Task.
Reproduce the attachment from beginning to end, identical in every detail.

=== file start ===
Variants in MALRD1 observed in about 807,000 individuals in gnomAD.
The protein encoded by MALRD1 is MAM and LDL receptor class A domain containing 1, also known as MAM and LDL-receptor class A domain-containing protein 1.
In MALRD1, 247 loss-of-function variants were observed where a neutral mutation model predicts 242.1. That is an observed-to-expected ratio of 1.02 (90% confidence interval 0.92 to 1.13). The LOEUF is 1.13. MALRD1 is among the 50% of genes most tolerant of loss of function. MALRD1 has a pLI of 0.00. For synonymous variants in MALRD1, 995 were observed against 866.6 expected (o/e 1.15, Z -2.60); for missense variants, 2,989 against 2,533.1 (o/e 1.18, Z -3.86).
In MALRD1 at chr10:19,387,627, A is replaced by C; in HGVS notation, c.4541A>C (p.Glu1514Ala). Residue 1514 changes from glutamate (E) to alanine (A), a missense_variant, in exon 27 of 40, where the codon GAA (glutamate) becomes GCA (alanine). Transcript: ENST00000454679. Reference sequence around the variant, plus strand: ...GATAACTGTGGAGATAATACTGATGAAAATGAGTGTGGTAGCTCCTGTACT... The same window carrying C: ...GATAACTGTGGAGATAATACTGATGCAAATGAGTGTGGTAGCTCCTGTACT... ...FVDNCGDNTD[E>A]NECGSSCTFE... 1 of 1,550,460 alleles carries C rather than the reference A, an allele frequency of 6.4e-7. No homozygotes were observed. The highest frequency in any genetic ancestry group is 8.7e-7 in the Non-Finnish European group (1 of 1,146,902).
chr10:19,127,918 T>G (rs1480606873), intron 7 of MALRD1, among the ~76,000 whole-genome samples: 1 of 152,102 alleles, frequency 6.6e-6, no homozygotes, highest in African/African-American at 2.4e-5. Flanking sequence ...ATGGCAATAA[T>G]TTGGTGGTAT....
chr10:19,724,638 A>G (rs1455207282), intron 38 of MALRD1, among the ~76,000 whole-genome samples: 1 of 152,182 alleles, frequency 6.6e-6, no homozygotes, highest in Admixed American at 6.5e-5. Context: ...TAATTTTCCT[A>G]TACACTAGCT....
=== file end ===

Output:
Variants in MALRD1 observed in about 807,000 individuals in gnomAD.
The protein encoded by MALRD1 is MAM and LDL receptor class A domain containing 1, also known as MAM and LDL-receptor class A domain-containing protein 1.
In MALRD1, 247 loss-of-function variants were observed where a neutral mutation model predicts 242.1. That is an observed-to-expected ratio of 1.02 (90% confidence interval 0.92 to 1.13). The LOEUF is 1.13. MALRD1 is among the 50% of genes most tolerant of loss of function. MALRD1 has a pLI of 0.00. For synonymous variants in MALRD1, 995 were observed against 866.6 expected (o/e 1.15, Z -2.60); for missense variants, 2,989 against 2,533.1 (o/e 1.18, Z -3.86).
In MALRD1 at chr10:19,387,627, A is replaced by C; in HGVS notation, c.4541A>C (p.Glu1514Ala). Residue 1514 changes from glutamate (E) to alanine (A), a missense_variant, in exon 27 of 40, where the codon GAA (glutamate) becomes GCA (alanine). Transcript: ENST00000454679. Reference sequence around the variant, plus strand: ...GATAACTGTGGAGATAATACTGATGAAAATGAGTGTGGTAGCTCCTGTACT... The same window carrying C: ...GATAACTGTGGAGATAATACTGATGCAAATGAGTGTGGTAGCTCCTGTACT... ...FVDNCGDNTD[E>A]NECGSSCTFE... 1 of 1,550,460 alleles carries C rather than the reference A, an allele frequency of 6.4e-7. No homozygotes were observed. The highest frequency in any genetic ancestry group is 8.7e-7 in the Non-Finnish European group (1 of 1,146,902).
chr10:19,127,918 T>G (rs1480606873), intron 7 of MALRD1, among the ~76,000 whole-genome samples: 1 of 152,102 alleles, frequency 6.6e-6, no homozygotes, highest in African/African-American at 2.4e-5. Flanking sequence ...ATGGCAATAA[T>G]TTGGTGGTAT....
chr10:19,724,638 A>G (rs1455207282), intron 38 of MALRD1, among the ~76,000 whole-genome samples: 1 of 152,182 alleles, frequency 6.6e-6, no homozygotes, highest in Admixed American at 6.5e-5. Context: ...TAATTTTCCT[A>G]TACACTAGCT....